As the confluent point for the Yin Qiao meridian, KI 6 is said to have the ability to affect distant points and regions such as the throat and eyes. The crossing points of the Yin Qiao include:
KI 6 - Zhao Hai (Shining Sea)
KI 8 - Jiao Xin (Intersection Reach)
ST 9 - Ren Ying (Mans Prognosis)
ST 12 - Que Pen (Empty Basin)
UB 1 - Jing Ming (Bright Eyes)
To begin to understand the ability of KI 6 to reach the throat, let's also consider other distal points that affect the throat, neck, and eyes. Some of these points include KI 3 (throat), LV 3 (eyes), GB 39 (neck, eyes), UB 60 (neck, eyes), LU 7 (throat, neck), and SJ 5 (throat, neck, and eyes). There are also many other points on the hands or feet that affect the eyes and points around the wrists and ankles that benefit the neck and throat.
Imaging the Neck and Throat to the Distal End of Long Bones
In the Balance Method and Master Tung's system, we use a system called imaging to understand how points work. In imaging we *image* resemblances between different body structures, such as how we image the fetus's body on the ear. While this may seem like an odd and even unscientific method at first glance, there is a way to logically and anatomically confirm how this system works for using distal points. For instance, the hands and feet are said to image the head and face, and we find that many traditional points on the hands and feet are used for headaches, facial disorders, and conditions affecting the eyes, nose, mouth, and ears.
Considering the density of sensory nerve endings in the hands and feet, and the amount of area these regions occupy in the sensory and motor cortex of the brain, we can appreciate how points on the hands and feet can produce strong neurological reactions in the head and brain. There is much more I could say about this from a neurological perspective, but I want to keep our attention on the myofascial system and how it mirrors these kinds of neurological patterns.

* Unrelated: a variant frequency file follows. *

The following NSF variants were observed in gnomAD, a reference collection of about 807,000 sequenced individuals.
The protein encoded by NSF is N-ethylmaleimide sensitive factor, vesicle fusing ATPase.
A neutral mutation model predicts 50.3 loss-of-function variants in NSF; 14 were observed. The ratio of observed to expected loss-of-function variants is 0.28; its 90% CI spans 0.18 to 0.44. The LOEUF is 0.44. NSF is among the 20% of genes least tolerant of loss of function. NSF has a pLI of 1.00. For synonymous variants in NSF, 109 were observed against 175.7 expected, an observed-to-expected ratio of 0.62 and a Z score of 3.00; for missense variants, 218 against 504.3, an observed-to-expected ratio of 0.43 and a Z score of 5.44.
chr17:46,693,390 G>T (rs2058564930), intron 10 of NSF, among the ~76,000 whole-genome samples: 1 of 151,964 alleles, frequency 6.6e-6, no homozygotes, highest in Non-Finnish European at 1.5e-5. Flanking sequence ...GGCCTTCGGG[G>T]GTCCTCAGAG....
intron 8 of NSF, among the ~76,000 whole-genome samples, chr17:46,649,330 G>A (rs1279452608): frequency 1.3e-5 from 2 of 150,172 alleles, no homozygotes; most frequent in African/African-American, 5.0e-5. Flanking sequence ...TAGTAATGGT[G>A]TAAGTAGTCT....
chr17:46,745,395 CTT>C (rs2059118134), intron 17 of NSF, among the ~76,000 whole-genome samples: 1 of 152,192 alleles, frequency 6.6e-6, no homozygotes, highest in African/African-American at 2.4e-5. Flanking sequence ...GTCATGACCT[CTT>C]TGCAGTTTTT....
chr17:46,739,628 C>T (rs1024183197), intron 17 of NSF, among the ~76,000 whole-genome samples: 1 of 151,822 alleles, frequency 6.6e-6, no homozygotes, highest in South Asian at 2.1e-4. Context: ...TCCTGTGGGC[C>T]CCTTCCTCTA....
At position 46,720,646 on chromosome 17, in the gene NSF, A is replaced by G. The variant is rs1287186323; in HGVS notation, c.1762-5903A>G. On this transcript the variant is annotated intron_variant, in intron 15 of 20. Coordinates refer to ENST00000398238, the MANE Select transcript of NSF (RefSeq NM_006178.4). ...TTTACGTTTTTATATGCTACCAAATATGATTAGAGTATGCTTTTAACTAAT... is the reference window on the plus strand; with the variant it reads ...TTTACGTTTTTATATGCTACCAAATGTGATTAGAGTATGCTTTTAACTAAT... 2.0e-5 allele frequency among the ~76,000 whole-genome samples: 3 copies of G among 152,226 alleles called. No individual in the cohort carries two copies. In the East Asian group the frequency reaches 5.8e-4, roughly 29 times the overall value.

Examining the myofascial lines we find that most of them begin and/or end in the hands, feet, neck, and head.
The image on the far left is the Superficial Back Line (SBL). It begins in the plantar fascia and Achilles tendon and terminates in the occipital fascia. The Superficial Front Line (SFL) starts in the feet and ends at the SCM and mastoid process. The Lateral Line (LL) mirrors the GB meridian and begins in the feet and terminates at the splenius capitis, SCM, and mastoid process.
Much like the nerves, the myofascial lines converge and increase in density in the hands and feet. This increase in density occurs as the muscles condense into tendons that join the hands, feet, neck, and head. (Tendons are very dense regions of connective tissues along the fascial lines.)
The reason why points on the hands and feet (as well as points around the wrists and ankles) are so powerful, is that they produce strong de qi, neurological, and myofascial responses. This is mediated in part due to this condensing that I refer to as neuromuscular convergence around the hands, wrists, feet, and ankles.
Similar to the ways that points on the hands and feet can benefit the sensory organs of the head and face, points around the wrists and ankles benefit the neck and throat in part because of the myofascial convergence occurring at opposite ends of the lines in the ankles, wrists, neck, and throat.
The image of the DFL shows how deep muscles and fascia of the legs and feet are connected to the deep fascia in the neck and throat. In the feet and legs, DFL structures include the muscles between the metatarsals (dorsal interossei), plantar fascia, the tendons below KI 6, tibialis posterior and its tendon, and flexor digitorum longus and its tendon.
At the opposite end of the line, we find that the deep muscles of the neck and throat are also a part of the DFL.
Could this be one reason why KI 6 is good for the throat?
The concept of neuromuscular convergence reveals how both neurological (electrical) and myofascial (mechanical) responses are related to the traditional concept of imaging the hands and feet to the head and face, and the wrists and ankles to the neck, throat, and shoulders. Studying the myofascial lines and comparing point functions to the anatomy of these lines, greatly assists in comprehending how and why points work the way they do.
In summary, next time before you needle KI 6 consider what other points could replace it and even produce a stronger response. It has been my experience that it is often best to replace it with points like KI 3, KI 7, LV 3, or SP 6.